1. kiwibird, I still haven't been able to get around to doing this, but I can answer this question quickly. There is a common misconception that Arduino has or is its own language. This is just not true. The "Arduino language" is simply a collection of C++ libraries, written in C++. As far as I can tell (my only wondering is whether or not the Arduino code may use Assembly language in parts of it), *all* Arduino code is just C++ (or C) code. However, in order to maximize simplicity and the ability to universally apply the Arduino code, it oftentimes exchanges efficiency and speed for ease of use and broad application. This means that if you get into the 660 pg ATmega328 datasheet and learn to access ports and pins and registers and things directly, you will nearly always be able to make your code run faster by *not* using some of the Arduino functions or libraries directly. For example, according to Simon Monk's "Going Further With Sketches" book on pg. 79 [see links at bottom of my post here: http://electricrcaircraftguy.blogspot.com/2014/01/the-power-of-arduino.html#.VHjPA4vF_6d]), using direct port access (ex: via "PORTB") is 46 times faster than the Arduino function "digitalWrite". Similarly, digital input can be sped up dramatically by accessing the input ports (ex: PINB), rather than using "digitalRead", and analog input can be sped up by at least 6.5 times as well. If you open up the Arduino source code and look at how digitalRead, for example, is implemented, you'll see that each time you call it it has to determine how to access the correct register that corresponds to the pin you want. This is where the slow-down occurs. By hard-coding in which register you want to access, knowing the pin before-hand rather than having the code determine the register during run-time, you get dramatic speed improvements. Having said this, I still intend to expand this library and add the functionality to optionally improve speed ~10x (hopefully), but I still haven't done it....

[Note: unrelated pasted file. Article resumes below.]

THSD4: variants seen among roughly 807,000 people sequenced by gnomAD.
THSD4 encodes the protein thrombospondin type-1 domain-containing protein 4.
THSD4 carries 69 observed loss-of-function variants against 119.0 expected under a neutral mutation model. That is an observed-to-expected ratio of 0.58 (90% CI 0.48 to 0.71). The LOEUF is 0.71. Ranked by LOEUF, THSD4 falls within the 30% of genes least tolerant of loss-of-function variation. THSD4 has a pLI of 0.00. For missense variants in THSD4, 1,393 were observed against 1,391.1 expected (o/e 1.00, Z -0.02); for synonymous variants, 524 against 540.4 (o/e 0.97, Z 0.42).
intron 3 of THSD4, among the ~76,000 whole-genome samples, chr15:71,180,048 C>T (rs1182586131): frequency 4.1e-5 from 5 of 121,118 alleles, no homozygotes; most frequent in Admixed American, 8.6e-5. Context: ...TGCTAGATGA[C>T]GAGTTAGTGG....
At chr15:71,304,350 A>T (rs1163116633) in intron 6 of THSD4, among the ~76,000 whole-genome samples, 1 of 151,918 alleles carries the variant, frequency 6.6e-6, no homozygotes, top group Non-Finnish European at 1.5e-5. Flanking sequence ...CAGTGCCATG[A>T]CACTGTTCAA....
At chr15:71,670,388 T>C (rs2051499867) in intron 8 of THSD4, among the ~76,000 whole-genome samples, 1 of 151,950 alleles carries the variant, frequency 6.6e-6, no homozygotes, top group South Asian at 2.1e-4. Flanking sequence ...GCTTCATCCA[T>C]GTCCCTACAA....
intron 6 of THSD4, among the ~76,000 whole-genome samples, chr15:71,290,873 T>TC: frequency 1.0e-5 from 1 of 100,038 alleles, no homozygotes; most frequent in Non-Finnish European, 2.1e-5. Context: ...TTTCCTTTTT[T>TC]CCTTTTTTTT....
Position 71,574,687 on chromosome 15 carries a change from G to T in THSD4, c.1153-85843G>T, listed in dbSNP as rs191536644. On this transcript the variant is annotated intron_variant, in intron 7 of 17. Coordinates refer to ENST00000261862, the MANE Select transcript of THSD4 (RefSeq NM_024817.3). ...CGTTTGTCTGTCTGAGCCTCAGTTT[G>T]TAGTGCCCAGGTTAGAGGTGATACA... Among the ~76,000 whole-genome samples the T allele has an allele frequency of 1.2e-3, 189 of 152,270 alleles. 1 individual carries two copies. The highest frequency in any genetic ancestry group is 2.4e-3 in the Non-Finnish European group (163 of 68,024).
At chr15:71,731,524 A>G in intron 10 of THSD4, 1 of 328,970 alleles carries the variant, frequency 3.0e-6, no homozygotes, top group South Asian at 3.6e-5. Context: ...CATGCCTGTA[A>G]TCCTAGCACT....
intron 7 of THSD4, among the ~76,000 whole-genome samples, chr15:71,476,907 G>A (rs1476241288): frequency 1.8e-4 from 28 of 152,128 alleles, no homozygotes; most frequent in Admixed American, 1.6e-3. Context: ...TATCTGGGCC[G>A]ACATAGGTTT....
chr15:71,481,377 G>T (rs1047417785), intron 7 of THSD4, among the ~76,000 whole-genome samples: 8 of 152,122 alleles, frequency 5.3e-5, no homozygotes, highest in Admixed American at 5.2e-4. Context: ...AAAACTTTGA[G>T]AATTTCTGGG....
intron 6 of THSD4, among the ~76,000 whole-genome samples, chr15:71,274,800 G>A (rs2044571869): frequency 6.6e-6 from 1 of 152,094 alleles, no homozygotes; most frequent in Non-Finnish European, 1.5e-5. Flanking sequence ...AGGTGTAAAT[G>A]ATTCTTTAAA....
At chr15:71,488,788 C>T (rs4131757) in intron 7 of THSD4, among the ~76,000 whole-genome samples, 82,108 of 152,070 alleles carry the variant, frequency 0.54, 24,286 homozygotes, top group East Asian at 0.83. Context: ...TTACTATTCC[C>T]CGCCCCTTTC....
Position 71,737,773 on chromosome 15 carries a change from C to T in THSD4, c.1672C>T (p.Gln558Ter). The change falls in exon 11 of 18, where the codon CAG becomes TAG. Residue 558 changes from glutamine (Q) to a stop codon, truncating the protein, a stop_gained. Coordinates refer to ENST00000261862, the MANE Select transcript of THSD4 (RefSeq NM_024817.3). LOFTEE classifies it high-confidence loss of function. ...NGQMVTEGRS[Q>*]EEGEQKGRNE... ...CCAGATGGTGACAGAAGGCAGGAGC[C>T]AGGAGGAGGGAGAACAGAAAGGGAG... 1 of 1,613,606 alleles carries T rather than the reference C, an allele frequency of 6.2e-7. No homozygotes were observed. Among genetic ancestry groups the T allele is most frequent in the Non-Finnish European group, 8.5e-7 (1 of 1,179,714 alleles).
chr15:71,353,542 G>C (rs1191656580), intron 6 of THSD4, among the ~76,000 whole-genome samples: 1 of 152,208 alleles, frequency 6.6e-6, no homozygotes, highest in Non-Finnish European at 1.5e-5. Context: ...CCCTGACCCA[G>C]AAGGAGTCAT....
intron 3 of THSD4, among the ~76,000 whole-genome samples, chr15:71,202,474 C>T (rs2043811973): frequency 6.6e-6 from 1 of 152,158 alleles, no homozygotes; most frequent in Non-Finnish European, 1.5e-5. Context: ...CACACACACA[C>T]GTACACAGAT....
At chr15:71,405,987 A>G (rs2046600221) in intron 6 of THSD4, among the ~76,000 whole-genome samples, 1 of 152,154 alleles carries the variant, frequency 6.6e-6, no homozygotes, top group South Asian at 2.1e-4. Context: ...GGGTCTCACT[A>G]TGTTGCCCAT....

12. Hi Gabriel,
thank you for your reply. Its well documented that direct port access is much faster. Whats not documented is If there is difference in general arduino code compared to C. I would love to see some tests on this.
Im keen to see the 10x speed improvement as the library has been very useful to me, but I still prefer more speed.

1. kiwibird, can you elaborate on this statement please? "Whats not documented is If there is difference in general arduino code compared to C. I would love to see some tests on this."
--I personally don't understand what you mean, as Arduino code is C.

Thanks for your comment or question! If it is a question, I will try to get back to you quickly. Sincerely, Gabriel Staples.